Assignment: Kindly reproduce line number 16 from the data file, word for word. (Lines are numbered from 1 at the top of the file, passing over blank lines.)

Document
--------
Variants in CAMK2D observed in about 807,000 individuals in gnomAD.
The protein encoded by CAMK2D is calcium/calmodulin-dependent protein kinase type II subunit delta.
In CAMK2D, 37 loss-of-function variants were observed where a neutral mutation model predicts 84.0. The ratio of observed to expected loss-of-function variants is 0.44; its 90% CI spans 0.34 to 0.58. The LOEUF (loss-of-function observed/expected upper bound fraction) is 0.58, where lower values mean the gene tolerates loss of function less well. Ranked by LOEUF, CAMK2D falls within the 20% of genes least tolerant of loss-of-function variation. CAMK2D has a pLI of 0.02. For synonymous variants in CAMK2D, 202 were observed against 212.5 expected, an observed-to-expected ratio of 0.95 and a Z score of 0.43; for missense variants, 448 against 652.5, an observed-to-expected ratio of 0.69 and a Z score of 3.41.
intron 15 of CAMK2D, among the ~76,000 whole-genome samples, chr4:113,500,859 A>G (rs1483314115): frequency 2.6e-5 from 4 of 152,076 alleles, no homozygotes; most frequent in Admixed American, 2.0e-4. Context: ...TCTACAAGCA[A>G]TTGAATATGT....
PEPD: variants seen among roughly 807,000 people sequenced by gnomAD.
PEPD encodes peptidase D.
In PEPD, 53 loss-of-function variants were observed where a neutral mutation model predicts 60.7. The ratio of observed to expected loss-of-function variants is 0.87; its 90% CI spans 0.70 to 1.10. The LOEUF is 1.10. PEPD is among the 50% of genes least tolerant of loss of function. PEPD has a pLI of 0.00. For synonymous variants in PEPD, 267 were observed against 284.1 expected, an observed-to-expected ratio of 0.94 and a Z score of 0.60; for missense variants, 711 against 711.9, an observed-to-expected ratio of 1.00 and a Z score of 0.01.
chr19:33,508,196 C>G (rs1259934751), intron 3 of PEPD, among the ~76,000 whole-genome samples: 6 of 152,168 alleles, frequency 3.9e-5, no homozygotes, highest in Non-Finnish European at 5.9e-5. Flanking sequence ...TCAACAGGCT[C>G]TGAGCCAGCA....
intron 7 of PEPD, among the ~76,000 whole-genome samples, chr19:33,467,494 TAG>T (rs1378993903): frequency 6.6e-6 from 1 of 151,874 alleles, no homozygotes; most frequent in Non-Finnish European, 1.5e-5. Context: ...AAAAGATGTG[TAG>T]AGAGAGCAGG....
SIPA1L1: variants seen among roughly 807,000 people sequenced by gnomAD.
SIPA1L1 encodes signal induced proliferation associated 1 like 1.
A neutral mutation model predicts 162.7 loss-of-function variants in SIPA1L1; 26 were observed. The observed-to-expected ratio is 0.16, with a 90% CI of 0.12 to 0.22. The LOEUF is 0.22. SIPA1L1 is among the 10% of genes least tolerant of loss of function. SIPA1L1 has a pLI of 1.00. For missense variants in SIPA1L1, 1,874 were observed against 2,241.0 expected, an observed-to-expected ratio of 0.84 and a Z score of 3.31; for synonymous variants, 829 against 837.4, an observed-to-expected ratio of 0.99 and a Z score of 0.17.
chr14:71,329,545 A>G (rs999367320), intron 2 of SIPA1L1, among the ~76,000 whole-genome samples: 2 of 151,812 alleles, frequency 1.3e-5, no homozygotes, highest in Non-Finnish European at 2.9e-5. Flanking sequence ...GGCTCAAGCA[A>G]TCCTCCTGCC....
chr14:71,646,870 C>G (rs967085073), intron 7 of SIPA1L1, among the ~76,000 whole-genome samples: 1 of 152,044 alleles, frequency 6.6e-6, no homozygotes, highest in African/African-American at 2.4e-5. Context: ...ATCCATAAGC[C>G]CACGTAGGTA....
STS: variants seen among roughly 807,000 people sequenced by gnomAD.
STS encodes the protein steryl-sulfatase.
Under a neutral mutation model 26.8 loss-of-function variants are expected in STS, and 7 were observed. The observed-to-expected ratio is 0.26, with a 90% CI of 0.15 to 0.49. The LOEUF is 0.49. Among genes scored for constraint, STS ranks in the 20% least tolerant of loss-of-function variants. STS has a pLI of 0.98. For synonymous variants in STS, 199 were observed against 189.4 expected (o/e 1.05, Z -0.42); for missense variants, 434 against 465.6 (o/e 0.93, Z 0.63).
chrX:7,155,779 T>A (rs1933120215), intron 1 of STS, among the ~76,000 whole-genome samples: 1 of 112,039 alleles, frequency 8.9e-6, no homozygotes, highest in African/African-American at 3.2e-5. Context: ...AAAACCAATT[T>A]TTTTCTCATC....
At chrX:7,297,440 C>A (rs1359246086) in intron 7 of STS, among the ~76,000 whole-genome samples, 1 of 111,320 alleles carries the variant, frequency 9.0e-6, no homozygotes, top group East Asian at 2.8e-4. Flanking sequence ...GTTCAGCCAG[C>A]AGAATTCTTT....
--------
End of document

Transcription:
STS encodes the protein steryl-sulfatase.